Contact centre navigation in 2014

Johann Kunz, WNS Global Services South Africa.


Johannesburg, 04 Apr 2014
Read time 10min 50sec

The contact centre has made significant strides as an outsourced function. What was initially considered as a cost centre, today occupies a central position in building and nurturing customer relationships. More importantly, it is evolving as a revenue generating channel.

The new contact centre

The contact centre presents a prime opportunity for businesses to build strong customer relationships and generate revenues. However, with customer loyalties becoming fickle in a multi-channel world and technology seeping in to all aspects of business, complexities have only multiplied in contact centre operations.

The business process outsourcing (BPO) industry has led the way in keeping up with these changes and at the same time creating value for clients. Contact centre navigation in 2014 is more than responding to customer calls; it is about value delivery, convergence of technologies, and people.

Cost centre vs value delivery

The call centre has today evolved into a hub that not only provides customer service but also has the capability to bring in revenue. Introducing the 'Sales-through-Service' model to the contact centre really works in favour of the business. A recent McKinsey report reveals that a sales-through-service customer contact centre can generate up to 25% of total new revenues for credit card companies and up to 60% for telecom operators. The underlying factor that makes this model successful is the pairing of sales and service to generate revenue. For instance, when a contact centre agent fulfils the service need of customers and then probes sincerely about their broader needs, customers become receptive to buying new products. The transition from service to sales-and-service is not as easy as it may sound. At a tactical level, key performance indicators (KPIs) in the contact centre need to be adjusted to revolve around customer experience and sales effectiveness rather than the traditional service oriented KPIs such as average handling time (AHT). For example, while a low AHT indicates lower operating overheads, it can have an impact on the customer experience when calls are kept short. The transition from service to sales-through-service requires the contact centre to include "conversions" and "number of bookings" - KPIs that indicate sales effectiveness - over and above service focused KPIs.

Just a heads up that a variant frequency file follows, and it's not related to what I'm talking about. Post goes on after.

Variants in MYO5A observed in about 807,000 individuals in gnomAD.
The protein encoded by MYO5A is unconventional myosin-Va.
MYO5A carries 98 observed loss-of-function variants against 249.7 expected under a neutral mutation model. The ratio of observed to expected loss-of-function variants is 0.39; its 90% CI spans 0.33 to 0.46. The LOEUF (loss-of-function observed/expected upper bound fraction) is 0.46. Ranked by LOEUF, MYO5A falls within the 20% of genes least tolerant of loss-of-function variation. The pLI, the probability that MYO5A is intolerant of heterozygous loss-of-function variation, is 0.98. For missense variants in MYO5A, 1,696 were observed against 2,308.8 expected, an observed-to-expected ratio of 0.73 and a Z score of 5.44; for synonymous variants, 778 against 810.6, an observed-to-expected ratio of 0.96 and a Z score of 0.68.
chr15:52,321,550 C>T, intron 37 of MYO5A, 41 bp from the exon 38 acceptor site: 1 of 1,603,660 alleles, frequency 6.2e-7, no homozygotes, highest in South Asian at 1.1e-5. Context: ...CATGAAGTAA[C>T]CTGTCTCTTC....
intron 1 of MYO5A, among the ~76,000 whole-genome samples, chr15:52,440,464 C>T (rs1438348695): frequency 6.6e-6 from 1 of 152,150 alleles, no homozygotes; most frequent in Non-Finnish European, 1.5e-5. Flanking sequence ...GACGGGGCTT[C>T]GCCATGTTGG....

For businesses considering an outsourced contact centre, this transformation can have an impact on pricing models, which are beneficial to both the buyer and the service provider.